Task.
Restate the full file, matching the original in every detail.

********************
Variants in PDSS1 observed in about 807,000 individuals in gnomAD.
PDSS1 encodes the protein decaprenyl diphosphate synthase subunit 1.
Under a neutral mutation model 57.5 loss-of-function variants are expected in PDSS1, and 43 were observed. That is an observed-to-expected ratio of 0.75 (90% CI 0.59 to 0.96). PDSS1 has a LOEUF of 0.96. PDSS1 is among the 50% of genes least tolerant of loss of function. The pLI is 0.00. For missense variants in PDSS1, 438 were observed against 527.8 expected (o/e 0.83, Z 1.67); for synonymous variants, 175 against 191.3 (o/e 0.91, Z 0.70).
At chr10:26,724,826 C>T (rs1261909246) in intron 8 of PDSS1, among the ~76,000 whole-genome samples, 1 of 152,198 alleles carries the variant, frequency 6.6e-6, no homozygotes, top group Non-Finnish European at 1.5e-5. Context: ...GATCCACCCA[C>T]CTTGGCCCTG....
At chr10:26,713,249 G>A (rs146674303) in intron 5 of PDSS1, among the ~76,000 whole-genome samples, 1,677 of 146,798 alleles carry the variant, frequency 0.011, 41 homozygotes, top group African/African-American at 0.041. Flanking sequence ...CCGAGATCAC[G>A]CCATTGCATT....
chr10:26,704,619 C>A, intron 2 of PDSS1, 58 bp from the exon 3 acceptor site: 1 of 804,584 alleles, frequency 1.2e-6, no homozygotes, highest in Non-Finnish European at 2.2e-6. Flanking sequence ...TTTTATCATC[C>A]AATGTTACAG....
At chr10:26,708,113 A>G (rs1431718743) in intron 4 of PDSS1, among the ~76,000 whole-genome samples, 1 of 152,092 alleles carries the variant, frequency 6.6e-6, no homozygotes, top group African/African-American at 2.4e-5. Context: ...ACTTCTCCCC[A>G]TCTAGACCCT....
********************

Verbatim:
Variants in PDSS1 observed in about 807,000 individuals in gnomAD.
PDSS1 encodes the protein decaprenyl diphosphate synthase subunit 1.
Under a neutral mutation model 57.5 loss-of-function variants are expected in PDSS1, and 43 were observed. That is an observed-to-expected ratio of 0.75 (90% CI 0.59 to 0.96). PDSS1 has a LOEUF of 0.96. PDSS1 is among the 50% of genes least tolerant of loss of function. The pLI is 0.00. For missense variants in PDSS1, 438 were observed against 527.8 expected (o/e 0.83, Z 1.67); for synonymous variants, 175 against 191.3 (o/e 0.91, Z 0.70).
At chr10:26,724,826 C>T (rs1261909246) in intron 8 of PDSS1, among the ~76,000 whole-genome samples, 1 of 152,198 alleles carries the variant, frequency 6.6e-6, no homozygotes, top group Non-Finnish European at 1.5e-5. Context: ...GATCCACCCA[C>T]CTTGGCCCTG....
At chr10:26,713,249 G>A (rs146674303) in intron 5 of PDSS1, among the ~76,000 whole-genome samples, 1,677 of 146,798 alleles carry the variant, frequency 0.011, 41 homozygotes, top group African/African-American at 0.041. Flanking sequence ...CCGAGATCAC[G>A]CCATTGCATT....
chr10:26,704,619 C>A, intron 2 of PDSS1, 58 bp from the exon 3 acceptor site: 1 of 804,584 alleles, frequency 1.2e-6, no homozygotes, highest in Non-Finnish European at 2.2e-6. Flanking sequence ...TTTTATCATC[C>A]AATGTTACAG....
At chr10:26,708,113 A>G (rs1431718743) in intron 4 of PDSS1, among the ~76,000 whole-genome samples, 1 of 152,092 alleles carries the variant, frequency 6.6e-6, no homozygotes, top group African/African-American at 2.4e-5. Context: ...ACTTCTCCCC[A>G]TCTAGACCCT....